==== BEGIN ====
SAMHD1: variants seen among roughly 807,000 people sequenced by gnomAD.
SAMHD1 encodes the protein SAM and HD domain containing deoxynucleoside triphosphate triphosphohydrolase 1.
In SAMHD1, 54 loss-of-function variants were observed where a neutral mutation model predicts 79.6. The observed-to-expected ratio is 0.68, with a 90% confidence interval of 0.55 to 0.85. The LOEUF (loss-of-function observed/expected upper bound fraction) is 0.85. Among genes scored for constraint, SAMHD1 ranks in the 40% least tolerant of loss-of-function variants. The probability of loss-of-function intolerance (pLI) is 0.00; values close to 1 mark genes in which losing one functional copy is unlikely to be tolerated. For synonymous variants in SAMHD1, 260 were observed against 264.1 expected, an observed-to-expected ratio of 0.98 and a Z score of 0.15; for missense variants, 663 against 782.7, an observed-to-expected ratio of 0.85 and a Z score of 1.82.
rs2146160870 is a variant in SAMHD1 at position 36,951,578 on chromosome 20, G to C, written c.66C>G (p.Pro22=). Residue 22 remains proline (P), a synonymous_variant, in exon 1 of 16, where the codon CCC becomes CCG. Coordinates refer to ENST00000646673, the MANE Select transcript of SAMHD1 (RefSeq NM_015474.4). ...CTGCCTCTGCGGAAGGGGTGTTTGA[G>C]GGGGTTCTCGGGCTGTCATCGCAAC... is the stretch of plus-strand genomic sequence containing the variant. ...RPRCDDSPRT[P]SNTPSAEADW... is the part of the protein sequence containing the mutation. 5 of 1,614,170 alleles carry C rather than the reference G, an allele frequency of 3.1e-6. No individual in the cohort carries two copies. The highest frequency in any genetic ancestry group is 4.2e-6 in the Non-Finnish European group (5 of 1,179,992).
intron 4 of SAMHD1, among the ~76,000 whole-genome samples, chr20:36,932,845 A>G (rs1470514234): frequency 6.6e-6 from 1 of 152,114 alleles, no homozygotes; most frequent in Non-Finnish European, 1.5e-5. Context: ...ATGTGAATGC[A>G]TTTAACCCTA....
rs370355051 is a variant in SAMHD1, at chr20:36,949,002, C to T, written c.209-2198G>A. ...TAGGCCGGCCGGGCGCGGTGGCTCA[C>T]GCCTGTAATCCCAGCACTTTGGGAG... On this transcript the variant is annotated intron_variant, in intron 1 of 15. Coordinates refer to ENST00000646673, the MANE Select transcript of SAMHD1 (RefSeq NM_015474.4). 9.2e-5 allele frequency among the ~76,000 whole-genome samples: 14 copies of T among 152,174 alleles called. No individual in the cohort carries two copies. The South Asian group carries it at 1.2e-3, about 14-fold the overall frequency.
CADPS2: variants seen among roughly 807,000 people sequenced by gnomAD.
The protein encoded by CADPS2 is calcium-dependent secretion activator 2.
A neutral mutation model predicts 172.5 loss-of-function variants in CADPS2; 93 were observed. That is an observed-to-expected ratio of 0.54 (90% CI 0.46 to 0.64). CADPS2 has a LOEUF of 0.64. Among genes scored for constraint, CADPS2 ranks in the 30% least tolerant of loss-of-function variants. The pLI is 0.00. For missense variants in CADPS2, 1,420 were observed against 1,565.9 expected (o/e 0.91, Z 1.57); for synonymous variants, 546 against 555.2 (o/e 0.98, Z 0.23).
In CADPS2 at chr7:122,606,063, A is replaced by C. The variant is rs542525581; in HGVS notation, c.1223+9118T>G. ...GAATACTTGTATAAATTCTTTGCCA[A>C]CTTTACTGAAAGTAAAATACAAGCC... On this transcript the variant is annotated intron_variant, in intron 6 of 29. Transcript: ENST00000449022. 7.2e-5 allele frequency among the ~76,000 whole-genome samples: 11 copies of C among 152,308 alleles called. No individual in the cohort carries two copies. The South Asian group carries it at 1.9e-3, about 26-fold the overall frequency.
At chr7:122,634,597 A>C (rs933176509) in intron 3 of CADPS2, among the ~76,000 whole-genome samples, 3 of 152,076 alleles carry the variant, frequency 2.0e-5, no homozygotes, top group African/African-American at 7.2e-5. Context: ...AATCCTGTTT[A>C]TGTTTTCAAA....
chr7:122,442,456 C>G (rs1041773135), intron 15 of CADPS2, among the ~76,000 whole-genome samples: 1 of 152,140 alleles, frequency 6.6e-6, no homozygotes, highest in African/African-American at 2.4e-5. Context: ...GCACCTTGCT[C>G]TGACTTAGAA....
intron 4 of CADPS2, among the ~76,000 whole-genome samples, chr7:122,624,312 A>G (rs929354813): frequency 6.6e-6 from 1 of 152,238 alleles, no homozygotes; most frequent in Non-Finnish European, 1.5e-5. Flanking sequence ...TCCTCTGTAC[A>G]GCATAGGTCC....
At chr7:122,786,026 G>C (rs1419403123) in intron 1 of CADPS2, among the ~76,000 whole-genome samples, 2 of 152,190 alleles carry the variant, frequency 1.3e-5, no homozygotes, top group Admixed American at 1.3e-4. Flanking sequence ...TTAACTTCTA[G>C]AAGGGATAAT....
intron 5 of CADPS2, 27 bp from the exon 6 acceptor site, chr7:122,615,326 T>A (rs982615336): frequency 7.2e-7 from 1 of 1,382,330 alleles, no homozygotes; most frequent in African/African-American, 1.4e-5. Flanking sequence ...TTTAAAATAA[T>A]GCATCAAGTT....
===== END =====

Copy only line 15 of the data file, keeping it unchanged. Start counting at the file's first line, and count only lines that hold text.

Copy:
intron 5 of CADPS2, 27 bp from the exon 6 acceptor site, chr7:122,615,326 T>A (rs982615336): frequency 7.2e-7 from 1 of 1,382,330 alleles, no homozygotes; most frequent in African/African-American, 1.4e-5. Flanking sequence ...TTTAAAATAA[T>A]GCATCAAGTT....